The time for end of year celebrations has arrived. For many people, it will be a period of relaxation, family gatherings and spending time with friends. Flower-embroidered tablecloths will be spread. The food will be special and the wines delicious. Everyone will perhaps eat a little more than they should but hopefully not to excess. It’s great to have the opportunity to celebrate.
For others, however, Christmas is a painful period when loneliness, isolation, and poverty make themselves even more strongly felt. As happens each year, some people will opt to join the most disadvantaged and isolated, offering to share their company over Christmas and the New Year.
They will transform their presence and attention into a gift. Perhaps, a derisory or futile offering in the sense that there is little chance that it will contribute to a lasting improvement in the lives of these “little ones”, to borrow a Gospel phrase. Yet, if we think only in these terms, we imprison ourselves in a logic of performance and effectiveness, which leaves the poorest people at the margins and ignores those who lack the necessities of life.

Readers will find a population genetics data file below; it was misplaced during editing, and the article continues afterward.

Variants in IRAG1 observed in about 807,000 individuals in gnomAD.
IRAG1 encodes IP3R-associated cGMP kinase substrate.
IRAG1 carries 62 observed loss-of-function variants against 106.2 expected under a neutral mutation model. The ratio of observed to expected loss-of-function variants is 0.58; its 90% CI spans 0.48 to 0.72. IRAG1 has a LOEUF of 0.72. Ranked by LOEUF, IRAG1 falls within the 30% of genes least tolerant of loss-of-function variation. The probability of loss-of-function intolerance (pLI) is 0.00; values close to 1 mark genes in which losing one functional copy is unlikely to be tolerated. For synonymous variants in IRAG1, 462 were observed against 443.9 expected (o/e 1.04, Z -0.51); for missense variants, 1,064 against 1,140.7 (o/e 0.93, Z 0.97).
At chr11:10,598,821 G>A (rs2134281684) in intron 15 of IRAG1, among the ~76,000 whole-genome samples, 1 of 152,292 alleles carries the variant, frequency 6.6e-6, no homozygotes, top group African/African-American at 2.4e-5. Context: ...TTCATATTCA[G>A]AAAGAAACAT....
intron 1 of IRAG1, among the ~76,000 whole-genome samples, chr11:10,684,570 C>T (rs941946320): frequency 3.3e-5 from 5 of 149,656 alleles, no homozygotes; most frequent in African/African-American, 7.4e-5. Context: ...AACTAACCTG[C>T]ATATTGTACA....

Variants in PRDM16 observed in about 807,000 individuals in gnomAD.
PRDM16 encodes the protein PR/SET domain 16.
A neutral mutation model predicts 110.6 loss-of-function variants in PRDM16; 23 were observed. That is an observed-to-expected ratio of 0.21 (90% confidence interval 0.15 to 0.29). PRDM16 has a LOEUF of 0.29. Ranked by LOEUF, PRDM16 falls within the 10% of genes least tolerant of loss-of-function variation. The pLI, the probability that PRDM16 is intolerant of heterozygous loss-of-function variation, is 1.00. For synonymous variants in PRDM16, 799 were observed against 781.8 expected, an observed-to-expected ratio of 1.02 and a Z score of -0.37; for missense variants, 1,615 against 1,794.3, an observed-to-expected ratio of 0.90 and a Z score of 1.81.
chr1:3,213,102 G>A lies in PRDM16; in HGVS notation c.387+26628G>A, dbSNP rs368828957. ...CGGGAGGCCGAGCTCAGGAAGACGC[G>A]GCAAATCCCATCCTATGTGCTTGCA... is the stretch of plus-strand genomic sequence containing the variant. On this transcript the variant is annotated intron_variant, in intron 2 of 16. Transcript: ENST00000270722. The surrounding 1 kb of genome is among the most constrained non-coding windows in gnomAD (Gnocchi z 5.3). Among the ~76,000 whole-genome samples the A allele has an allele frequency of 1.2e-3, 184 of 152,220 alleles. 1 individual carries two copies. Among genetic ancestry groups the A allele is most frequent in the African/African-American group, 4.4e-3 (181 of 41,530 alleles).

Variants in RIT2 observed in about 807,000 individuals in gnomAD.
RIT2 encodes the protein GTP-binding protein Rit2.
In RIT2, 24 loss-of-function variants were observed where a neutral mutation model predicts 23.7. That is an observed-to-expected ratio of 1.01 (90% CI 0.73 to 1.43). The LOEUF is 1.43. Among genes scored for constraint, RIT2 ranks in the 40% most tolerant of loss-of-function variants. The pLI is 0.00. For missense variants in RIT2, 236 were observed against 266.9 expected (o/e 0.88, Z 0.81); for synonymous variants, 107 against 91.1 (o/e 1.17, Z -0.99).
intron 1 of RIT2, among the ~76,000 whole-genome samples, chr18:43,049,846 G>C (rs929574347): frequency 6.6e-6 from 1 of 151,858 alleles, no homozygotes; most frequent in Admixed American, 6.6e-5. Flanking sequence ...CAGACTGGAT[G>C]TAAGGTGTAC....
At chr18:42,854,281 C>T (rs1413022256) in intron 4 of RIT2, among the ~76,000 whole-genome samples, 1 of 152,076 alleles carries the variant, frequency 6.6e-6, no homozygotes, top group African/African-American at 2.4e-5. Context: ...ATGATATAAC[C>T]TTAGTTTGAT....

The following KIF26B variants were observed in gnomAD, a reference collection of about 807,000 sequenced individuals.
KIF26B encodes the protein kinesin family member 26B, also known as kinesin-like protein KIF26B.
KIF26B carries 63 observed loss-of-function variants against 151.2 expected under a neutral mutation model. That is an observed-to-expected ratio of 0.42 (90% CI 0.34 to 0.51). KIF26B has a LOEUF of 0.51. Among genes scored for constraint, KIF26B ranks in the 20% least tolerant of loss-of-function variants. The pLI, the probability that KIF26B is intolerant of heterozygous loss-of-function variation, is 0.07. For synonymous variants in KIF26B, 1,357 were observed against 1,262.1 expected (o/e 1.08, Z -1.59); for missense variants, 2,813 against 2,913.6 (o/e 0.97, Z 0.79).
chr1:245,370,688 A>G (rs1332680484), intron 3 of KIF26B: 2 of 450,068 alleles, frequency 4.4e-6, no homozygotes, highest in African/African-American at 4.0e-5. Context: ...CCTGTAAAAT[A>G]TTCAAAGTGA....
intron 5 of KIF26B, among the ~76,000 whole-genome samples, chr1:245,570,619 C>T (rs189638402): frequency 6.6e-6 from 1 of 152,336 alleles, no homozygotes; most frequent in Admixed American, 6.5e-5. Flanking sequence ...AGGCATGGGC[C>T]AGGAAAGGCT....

To be truly human, a society needs men and women who are capable of giving freely. Giving freely is the response that God himself makes, becoming one of us in the form of a new-born baby snugly swaddled in cloths, lying in a manger.
It seems to be such a derisory sign. Yet it is an invitation to look at the world differently. As Pope Francis reminded us in his encyclical Laudato Si’: “To stop and appreciate the small things, to be grateful for the opportunities that life affords, to be spiritually detached from what we possess and not to succumb to sadness for what we lack.”